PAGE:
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which the regular clergy (as they now became) gained all that the most aspiring could have looked forward to in theological and political distinction, while their secular brethren received the support,—which at no time did their disorganized state more greatly need,—of a body of learned, zealous, and practical coadjutors, who set themselves at once and earnestly to work in reestablishing the failing authority of the clergy over the nations of Europe1. Thus it was that in the beginning
suis omnibus vitam semper agere solebat. Unde ab illo omnes loci ipsius antistites usque hodie sic episcopale exercent officium, ut, regente monasterium abbate quem ipsi cum consilio Fratrum elegerint, omnes presbyteri, diaconi, cantores, lectores, cseterique gradus ecclesiastici monachicam per omnia cum ipso episcopo regulam servent. Quam vivendi normam multum se diligere probavit beatus papa Gregorius, cum, sciscitante per litterulas Augustino, quem primum genti Anglorum episcopum miserat, qualiter episcopi cum suis clericis conversari debeant, respondit inter alia, 'Sed quia tua fraternitas monasterii regulis erudita seorsum fieri non debet a clericis suis, in ecclesia Anglorum, quse auctore Deo nuper adhuc ad fidem producta est, hanc debes conversationem instituere, quse initio nascentis ecclesise fuit patribus nostris, in quibus nullus eorum ex his quse possidebant aliquid suum esse dicebat, sed erant illis omnia communia.'" See also his Epist. ad Ecgbert, § 6.
1 Examples of this union occur in the Excerptiones of Ecgbert, archbishop of York (Thorpe, Anc. Laws, p. 331): "Abbatespro humilitatis religione in episcoporum potestate consistant, et si quid extra regulam fecerint ab episcopis corrigantur; qui semel in anno, in loco ubi episcopus elegerit, accepta vocatione conveniant. * * Ipsi autem QmonachiJ, qui fuerint pervagati, cum auxilio episcopi tanquam fugaces sub custodia revocentur." Can. LX11I. Aurelian. "Si extiterit abbas divinis jussionibus prsevaricator regulseque sanctse contemptor, ab episcopo civitatis cum consensu abbatum aliorumque monachorum timentium Deum honore abbatis privetur. Convenit enim episcopum civitatis, ut sancta et magna of the eighth century the monastic orders, whom the fifth century had seen yet excluded from ordination and appertaining rather to the laity than to the clergy1, found themselves in possession of all the great episcopal seats, and the supreme ecclesiastical authority throughout the civilized world. If we, on the other hand, cast our eye down the page of history to the age of Dunstan and his followers in England, we shall be made aware how dark is the reverse of so fair a picture.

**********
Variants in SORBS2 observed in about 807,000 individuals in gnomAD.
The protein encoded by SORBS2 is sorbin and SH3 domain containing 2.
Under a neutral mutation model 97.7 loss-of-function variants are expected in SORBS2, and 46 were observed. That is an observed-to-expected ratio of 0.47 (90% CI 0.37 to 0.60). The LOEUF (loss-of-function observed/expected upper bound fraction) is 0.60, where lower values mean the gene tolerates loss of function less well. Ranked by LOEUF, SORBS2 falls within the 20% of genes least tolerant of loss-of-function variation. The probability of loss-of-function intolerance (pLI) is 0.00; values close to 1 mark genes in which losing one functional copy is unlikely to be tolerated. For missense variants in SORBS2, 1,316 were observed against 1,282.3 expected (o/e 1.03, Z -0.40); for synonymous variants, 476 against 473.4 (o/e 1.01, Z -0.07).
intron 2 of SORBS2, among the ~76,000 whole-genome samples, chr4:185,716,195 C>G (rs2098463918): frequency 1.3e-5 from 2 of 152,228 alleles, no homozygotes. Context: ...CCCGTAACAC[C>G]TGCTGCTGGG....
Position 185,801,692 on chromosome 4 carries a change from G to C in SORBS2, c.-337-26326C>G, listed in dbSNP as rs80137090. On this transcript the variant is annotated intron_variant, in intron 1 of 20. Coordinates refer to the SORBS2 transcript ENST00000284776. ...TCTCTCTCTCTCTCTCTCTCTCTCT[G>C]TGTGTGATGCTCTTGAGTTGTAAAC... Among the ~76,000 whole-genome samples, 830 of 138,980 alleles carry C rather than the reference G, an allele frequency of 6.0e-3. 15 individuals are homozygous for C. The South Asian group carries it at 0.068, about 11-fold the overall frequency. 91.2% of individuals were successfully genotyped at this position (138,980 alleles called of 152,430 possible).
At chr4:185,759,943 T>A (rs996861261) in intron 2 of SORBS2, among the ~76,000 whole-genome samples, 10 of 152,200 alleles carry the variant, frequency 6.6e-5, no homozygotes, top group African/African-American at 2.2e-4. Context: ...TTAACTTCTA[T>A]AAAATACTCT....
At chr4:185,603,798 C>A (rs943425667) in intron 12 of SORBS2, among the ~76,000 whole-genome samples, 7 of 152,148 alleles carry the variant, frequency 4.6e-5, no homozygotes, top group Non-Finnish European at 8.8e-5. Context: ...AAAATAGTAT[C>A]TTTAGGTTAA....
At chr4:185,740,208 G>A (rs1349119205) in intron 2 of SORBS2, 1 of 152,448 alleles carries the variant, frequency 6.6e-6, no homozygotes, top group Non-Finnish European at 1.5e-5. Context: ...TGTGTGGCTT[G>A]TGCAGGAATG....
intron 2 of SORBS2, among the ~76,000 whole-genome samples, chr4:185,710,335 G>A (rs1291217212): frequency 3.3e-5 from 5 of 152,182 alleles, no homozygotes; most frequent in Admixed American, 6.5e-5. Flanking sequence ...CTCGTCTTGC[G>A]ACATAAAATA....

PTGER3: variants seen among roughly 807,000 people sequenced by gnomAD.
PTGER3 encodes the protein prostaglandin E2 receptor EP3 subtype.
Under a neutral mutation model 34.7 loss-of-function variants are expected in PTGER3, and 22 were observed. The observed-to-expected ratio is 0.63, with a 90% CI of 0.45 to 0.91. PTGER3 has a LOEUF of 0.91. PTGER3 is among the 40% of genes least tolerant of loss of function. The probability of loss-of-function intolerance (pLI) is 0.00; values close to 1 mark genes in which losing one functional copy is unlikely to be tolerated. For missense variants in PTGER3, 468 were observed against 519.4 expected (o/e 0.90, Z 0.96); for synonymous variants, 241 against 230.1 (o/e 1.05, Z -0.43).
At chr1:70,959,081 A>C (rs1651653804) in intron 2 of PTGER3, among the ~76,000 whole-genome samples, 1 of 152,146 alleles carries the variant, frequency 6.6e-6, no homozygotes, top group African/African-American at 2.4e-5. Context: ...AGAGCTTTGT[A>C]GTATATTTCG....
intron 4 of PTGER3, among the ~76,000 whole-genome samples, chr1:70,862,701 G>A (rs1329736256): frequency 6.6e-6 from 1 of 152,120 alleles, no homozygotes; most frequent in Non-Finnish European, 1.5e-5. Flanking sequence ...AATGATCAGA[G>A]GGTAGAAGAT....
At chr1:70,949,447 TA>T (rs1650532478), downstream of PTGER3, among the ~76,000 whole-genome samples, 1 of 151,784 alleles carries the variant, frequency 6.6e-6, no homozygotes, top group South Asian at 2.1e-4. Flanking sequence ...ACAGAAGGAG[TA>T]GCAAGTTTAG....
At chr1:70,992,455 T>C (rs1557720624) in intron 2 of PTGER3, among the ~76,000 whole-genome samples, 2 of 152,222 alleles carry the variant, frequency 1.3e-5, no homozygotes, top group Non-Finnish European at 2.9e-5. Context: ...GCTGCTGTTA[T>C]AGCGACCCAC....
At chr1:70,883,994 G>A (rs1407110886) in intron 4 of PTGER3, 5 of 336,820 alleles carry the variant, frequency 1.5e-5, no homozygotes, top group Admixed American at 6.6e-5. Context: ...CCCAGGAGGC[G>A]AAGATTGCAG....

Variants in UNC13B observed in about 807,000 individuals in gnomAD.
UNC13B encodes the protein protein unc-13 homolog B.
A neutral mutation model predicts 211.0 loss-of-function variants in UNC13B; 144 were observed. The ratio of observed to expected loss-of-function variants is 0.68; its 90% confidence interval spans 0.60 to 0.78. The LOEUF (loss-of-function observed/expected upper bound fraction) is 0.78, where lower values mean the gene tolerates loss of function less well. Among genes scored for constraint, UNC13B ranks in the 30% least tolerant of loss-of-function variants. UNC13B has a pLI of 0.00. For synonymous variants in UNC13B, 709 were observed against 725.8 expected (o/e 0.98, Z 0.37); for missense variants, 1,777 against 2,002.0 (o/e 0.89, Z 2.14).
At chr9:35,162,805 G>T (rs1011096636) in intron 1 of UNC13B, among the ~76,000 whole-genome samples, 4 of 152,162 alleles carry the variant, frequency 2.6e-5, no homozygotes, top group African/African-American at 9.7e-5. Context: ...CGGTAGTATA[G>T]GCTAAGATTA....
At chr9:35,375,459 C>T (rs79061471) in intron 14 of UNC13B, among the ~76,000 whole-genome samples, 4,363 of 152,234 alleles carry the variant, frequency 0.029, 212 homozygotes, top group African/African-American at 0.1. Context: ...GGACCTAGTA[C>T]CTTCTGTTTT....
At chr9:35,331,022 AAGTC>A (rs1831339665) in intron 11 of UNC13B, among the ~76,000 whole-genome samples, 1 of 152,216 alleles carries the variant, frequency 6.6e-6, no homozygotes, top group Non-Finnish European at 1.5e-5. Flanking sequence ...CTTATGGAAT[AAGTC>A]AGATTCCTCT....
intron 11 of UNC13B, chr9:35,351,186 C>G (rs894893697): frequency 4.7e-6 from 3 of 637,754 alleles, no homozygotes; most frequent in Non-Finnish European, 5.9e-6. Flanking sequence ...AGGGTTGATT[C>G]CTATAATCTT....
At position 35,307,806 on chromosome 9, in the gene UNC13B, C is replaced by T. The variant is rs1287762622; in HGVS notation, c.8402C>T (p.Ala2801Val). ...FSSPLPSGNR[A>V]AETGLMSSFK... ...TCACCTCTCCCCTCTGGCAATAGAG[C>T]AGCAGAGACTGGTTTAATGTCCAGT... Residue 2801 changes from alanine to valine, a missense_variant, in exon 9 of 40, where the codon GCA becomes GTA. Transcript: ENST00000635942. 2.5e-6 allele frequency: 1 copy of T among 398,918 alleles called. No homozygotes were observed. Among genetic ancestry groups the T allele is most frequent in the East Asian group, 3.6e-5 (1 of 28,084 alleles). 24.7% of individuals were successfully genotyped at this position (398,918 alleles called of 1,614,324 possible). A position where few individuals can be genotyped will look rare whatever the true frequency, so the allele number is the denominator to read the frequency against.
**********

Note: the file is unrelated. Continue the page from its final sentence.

But we have already devoted too much space to the internal influence of the clergy, and the benefits which may indisputably be referred to their action on the masses of an undeveloped society. It is fitting that we now direct our attention to the effects of priestly interference with the political institutions and authorities of the same period.
So mighty was the power of the mere name of Rome on the rude tribes instrumental in its fall, that every paltry chief, whom the chances of Western conquest exalted into an independent sovereign, comes before us assuming, along with a fraction of the Roman territory, some travestied resemblance of Imperial dignity and
sinodus Calcedonensis decrevit, competentem monasteriorum providentiam gerere." Can. LXV. 'Episcoporum' (cod. Apostolorum). 1 In Augustine's time the distinction between monks and clergy was so strong, that he could say (Ep. 60), "Et ipsis enim facilis lapsus et ordini clericorum fit indignissima injuria, si desertores monasteriorum ad militiam clericatus eligantur, cum ex his qui in monasterio permanent non tamen nisi probatiores atque meliores in clerum assumere soleamus"; and more in the same strain.